'Tis the season to slaughter turkeys. Did anybody not see former Vice President wannabe Sarah Palin hold a Q&A downstage of a turkey’s obvious death? (Go HERE if you didn't.)

On a more cheerful note, here are a few gems from Hollywood made for the animal lover in all of us:

Best All-Around Animal Film
The Adventures of Milo and Otis

The film is the best all-animal movie, with March of the Penguins coming in as an understudy. A documentary showing a death of a cute baby penguin? Definitely going to lose against a Japanese (yes, really, Japanese) movie with Dudley Moore as a pug and a tabby. Don’t worry, it’s in English and is cute as heck.

The films follows the two newborns through interactions with everything from seagulls to bears to deer as they attempt to reunite with one another. The narration is charming and likely shaped the lives of any child born in the late 80s. Raise a hand if you’ve ever met a cat named Milo...

Best Animal Film With Human Actors
Homeward Bound

"Milo and Otis" lacks people altogether. Here, the animals’ thoughts are voiced as their human counterparts bring the story back to earth with a slightly more believable story about lost pets. A single mother remarries, and the stepdad moves the family but leave the two dogs and cat behind at a friend’s farm. The wise golden retriever, the immature mutt and the prissy Siamese cat obviously escape to reunite with their respective children, resulting in hijinx and sad scenarios.

Michael J. Fox does a fairly accurate job of describing how dogs really think of blouses as objects to kill. The film Babe was close on this one, but Jean Smart as a dirty horse-raising farmer tips the scales in favor of "Homeward Bound."

Best Animated Animal Film For Kids
The Lion King

It was difficult to narrow the animated movies down to just one, but Africa is the one place to go for the biggest, fastest, and most interesting creatures. This is also the crème de la crème of Disney movies focused on the creatures we eat, keep as pets, or visit in zoos. So forgive me Pongo and Perdita, it was a tough choice. The music, the story, and the celebrity voices (Matthew Broderick, James Earl Jones, Jeremy Irons, Nathan Lane, Whoopi Goldberg, etc.) culminate in this perfect storm of Disney musical mastery. The help from Elton John, Tim Rice, and Hans Zimmer (whose ears don’t have a crush on him?) won two Oscars for Best Song and Best Music. It’s hands-down great.

Plus, the timing was perfect. It was released when one generation was turning away from all those kid-geared films as they entered into the dreaded tween and teenage years. Suddenly, all those Disney movies kids used to go see with their parents or friends were replaced by attempts to sneak into American Pie. Disagree? The next movie Disney released as their usual once-a-year animated powerhouse was Pocahontas. Yuck.

Best Animated Animal Film For Kids & Adults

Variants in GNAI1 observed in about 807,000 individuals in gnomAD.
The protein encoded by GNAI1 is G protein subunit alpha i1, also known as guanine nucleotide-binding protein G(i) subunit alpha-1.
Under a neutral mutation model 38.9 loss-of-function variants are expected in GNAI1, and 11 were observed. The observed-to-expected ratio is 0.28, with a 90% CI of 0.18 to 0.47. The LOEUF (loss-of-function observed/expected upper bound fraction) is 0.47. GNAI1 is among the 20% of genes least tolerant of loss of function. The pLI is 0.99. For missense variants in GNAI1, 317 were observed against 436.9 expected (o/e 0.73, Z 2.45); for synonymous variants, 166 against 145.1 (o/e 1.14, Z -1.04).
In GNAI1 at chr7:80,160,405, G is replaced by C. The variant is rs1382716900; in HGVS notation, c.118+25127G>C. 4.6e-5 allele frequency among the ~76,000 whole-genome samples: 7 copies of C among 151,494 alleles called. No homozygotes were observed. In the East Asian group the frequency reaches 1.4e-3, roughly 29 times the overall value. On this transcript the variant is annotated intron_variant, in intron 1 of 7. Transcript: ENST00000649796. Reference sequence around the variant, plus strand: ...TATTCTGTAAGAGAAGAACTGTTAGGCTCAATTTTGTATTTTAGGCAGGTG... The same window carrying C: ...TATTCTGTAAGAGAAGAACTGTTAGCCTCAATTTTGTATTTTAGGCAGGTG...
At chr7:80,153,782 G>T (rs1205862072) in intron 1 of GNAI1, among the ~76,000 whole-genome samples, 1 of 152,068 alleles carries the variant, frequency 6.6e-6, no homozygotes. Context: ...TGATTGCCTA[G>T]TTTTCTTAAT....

Finding Nemo

Watch this with friends. Watch this while baby-sitting. Heck, watch it on a date or with your parents – but do not combine those last two. This is the best movie kids AND adults will like. Pixar’s astounding grip on computer animation hit a home run with this story focused on sea creatures. Lines like “I’m H2O intolerant,” uttered by a seahorse elevated the comedy to an intelligent level usually ignored by the makers of animal-heavy movies. Due to this film, the “clown fish” has single-handedly lost its identity and has become “Nemo.” Special mention in this category to "Dog Show," something children better not like better than "Finding Nemo."

Best Film Featuring Animals Attacking People

When animals attack! Here, people-maiming gorillas appear alongside Nip/Tuck star Dylan Walsh. This animals-attacking-people movie beat out Jaws because people can always stay out of the water, but gorillas live on land. Once the gorillas from "Congo" find a person, they will rip their heart out of their chest. They can and will find humans if they set foot anywhere on that giant landmass called Africa. Or, if this movie freaked you out a bit, they will escape from the zoo to get that beating organ in your chest. It’s an interesting idea and had fairly decent special effects for the time, but the gorilla throwing the heart of a still-fleeing man at his friends seals the deal.

Best Film Featuring An Animal Villain

Fear not, this Steven Spielberg classic stands the test of time. That chilling music, the helplessness of humans in the water where they don’t belong – plus the gnashing rows of fangs make this the movie that made everybody think of sharks as blood-thirsty murderers. In 1975 "Jaws" used suspense to create a level of selachophobia within society that has yet to ebb. The mechanical shark of ’75 is a joke compared to what computers can now create, but it set the standard for the animal-villain incapable of listening to reason. Outwitting or talking down an erratic person - possible. Avoiding death via shark (or bear, or gorilla, or snake) isn’t as easy to talk yourself out of.

Story by Kate Kostal

Starpulse contributing writer